Monday, July 15, 2013

Penobscot Narrows Bridge Observatory

On our way to Bar Harbor for the 4th of July, we were amazed to come across this stunning bridge as we rounded a bend. We learned there was an observatory located in one of the bridge's towers, and knew we'd have to make this a stop on our way back down the coast. 

We stopped at a pull-off area to get some photos. From where we were, we could tell the bridge was big, but it suddenly dawned on us that we were viewing a truly massive structure when we saw how tiny this pick up truck was in comparison to a single wire. 

Crossing the bridge was a bit harrowing; it is quite long! 

Over the weekend, we got a chance to go back and visit the bridge's observatory tower, one of only four in the world. Of those four, this one, the Penobscot Narrows Bridge Observatory, is the tallest at 420 feet, or 42 stories, high. 

The bridge consists of 181 segments like this one. Each hollow segment weighs 300,000 pounds, and contains 70 cubic tons of concrete and 20,000 pounds of steel. 

The bridge included two of these towers. The observatory was located at the top of this one, where the glass windows were. 

From the base of the observatory tower were great views of the river and its banks. At one point, we saw something swimming and breaching the water frequently. We joked it looked like a seal or a walrus, but when Dave was able to take a photo and zoom in, we discovered our aquatic friend really was a seal! Unfortunately, our seal buddy was photo shy and hyperactive to boot, so we only had a fairly blurry whisker face picture and decided to save everyone an eye strain headache and left it off the blog. It's crazy to think Maine's Northern location and this river's proximity to the ocean allows critters like seals to live in it.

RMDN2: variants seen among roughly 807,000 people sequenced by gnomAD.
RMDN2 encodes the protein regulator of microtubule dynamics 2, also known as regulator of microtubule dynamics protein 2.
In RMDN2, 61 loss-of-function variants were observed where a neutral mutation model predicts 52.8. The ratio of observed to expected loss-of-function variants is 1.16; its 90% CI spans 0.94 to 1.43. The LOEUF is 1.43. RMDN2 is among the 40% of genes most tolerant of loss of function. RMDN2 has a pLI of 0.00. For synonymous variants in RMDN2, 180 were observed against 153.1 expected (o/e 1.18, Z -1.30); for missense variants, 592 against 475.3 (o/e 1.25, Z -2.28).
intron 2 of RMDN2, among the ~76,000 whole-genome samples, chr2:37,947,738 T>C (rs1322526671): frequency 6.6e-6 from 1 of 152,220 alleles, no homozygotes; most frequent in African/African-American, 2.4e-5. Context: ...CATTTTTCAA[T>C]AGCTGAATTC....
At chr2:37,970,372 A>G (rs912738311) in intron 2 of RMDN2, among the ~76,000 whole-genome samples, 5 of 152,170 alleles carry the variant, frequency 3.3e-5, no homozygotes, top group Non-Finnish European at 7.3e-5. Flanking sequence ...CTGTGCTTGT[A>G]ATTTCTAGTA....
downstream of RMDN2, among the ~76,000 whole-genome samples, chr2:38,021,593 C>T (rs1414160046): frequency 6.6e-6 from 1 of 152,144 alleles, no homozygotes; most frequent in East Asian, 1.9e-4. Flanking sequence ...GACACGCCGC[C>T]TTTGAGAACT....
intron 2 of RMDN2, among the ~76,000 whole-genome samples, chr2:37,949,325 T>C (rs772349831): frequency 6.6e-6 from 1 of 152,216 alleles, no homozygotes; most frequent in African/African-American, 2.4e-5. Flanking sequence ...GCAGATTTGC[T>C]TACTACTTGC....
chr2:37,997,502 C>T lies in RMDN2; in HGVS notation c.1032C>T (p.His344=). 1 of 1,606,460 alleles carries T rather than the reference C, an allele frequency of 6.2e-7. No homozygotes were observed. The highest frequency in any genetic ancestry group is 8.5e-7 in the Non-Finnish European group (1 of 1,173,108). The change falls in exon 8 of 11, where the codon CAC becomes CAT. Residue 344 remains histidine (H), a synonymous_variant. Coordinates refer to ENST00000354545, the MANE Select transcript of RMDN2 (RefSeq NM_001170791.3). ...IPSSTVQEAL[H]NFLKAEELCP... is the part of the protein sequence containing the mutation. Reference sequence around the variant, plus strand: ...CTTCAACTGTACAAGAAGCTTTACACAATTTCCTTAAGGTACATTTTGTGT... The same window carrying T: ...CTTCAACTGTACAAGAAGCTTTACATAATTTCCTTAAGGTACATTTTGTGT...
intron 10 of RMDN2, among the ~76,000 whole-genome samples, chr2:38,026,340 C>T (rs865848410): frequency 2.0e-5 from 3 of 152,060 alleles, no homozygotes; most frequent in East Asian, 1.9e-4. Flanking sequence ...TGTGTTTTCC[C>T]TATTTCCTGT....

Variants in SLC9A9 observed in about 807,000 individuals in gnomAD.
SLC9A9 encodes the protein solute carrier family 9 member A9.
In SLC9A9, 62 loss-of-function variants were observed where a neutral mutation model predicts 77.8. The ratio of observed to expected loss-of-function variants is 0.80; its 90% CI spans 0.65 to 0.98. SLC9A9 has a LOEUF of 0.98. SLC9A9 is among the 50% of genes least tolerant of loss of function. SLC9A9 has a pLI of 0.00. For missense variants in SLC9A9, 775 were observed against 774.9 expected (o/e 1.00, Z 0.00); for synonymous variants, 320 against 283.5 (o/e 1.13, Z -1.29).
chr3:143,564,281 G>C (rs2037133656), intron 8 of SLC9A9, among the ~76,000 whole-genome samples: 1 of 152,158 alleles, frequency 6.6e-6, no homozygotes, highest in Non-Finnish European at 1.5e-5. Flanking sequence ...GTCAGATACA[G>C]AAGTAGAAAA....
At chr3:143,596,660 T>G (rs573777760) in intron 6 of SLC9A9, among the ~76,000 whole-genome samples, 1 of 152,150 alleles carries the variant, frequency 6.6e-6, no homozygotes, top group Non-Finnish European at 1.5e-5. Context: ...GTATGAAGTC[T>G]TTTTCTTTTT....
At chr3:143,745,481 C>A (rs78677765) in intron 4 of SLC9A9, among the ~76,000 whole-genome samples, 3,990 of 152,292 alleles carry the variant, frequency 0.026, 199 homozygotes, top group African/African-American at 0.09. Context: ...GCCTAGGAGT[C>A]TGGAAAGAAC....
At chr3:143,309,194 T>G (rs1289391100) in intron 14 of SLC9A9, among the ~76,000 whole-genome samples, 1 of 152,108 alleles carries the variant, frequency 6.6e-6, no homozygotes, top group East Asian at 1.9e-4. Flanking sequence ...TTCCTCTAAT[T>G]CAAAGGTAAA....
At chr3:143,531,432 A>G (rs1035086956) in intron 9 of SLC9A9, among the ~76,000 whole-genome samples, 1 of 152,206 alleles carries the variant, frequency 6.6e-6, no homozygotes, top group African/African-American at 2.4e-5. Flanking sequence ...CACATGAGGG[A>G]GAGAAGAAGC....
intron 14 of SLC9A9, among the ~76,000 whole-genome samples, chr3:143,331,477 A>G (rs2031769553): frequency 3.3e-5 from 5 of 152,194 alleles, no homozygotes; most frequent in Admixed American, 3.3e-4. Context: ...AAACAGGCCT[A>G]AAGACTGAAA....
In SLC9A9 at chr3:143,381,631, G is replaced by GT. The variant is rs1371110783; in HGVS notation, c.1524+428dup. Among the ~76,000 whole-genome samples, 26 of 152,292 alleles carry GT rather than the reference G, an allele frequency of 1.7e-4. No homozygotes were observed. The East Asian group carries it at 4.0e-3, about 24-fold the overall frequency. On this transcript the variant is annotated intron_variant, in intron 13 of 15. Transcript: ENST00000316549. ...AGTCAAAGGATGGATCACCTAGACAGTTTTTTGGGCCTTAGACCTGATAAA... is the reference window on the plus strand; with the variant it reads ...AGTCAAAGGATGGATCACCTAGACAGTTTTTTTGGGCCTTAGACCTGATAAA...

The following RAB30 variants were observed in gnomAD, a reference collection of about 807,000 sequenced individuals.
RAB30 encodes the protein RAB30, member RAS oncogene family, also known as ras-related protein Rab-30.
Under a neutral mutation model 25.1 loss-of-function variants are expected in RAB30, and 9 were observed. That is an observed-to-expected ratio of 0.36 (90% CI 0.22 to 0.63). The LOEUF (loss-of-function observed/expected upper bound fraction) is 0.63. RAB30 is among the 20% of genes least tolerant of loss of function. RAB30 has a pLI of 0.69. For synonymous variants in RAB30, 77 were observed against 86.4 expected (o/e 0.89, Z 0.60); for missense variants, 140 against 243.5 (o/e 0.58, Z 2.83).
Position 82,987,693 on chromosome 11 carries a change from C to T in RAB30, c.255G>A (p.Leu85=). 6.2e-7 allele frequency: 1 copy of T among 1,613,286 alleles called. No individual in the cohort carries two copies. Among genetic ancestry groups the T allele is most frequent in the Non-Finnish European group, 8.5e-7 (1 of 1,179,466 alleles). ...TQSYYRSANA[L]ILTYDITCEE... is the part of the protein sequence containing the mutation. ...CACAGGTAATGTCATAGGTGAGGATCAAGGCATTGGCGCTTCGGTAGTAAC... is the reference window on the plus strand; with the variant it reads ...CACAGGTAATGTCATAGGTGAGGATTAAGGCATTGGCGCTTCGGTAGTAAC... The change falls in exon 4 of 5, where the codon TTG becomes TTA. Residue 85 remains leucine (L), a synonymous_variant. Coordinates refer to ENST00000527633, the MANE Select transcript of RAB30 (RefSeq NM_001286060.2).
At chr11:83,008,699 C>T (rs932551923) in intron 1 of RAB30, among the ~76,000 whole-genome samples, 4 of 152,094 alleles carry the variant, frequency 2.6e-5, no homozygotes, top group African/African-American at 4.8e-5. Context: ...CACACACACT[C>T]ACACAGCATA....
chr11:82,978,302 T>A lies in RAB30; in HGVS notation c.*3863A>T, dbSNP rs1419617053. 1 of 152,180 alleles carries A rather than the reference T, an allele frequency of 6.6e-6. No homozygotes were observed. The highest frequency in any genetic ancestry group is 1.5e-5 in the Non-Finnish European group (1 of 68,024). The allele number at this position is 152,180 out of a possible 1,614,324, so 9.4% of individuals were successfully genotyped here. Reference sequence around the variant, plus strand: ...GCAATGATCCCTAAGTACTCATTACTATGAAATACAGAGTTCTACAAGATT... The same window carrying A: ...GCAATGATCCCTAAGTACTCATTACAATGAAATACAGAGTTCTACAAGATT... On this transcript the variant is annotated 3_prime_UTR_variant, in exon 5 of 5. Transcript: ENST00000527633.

When we got to the top of the observatory, which was reached by a super-fast elevator, we were welcomed by these stunning views of the Penobscot and the surrounding area. 

In this photo, you can see Fort Knox, which we visited right after the observatory. 

Looking straight down, it was really obvious how high up we were. The van looked so tiny. 

Especially on this beautiful sunny day, the views were incredible. 

A view of the rest of the bridge and the second tower, which does not contain an observatory. Here, you can see old pylons, which supported the previous Waldo-Hancock Bridge, constructed in 1931. In 2003, severe cable corrosion was discovered, and it was determined the bridge could not be saved. While the new Penobscot Narrows Bridge was being built, the old bridge was reinforced with 16 strengthening cables, a feat never before accomplished on a standing suspension bridge. Penobscot Narrows opened in 2006, and the observatory opened in 2007. 

Amazingly, the weight of the bridge and vehicles crossing it is supported by many of these tiny cords, made up of 1/5 inch thick pieces of steel, each of which can support 30 tons! This bridge was an admirable feat of engineering, and perhaps even more amazing, was conceived, planned, designed, permitted, constructed, and opened to visitors in only 42 months. 

The patterns this boat made in the water looked really neat from so far above. 


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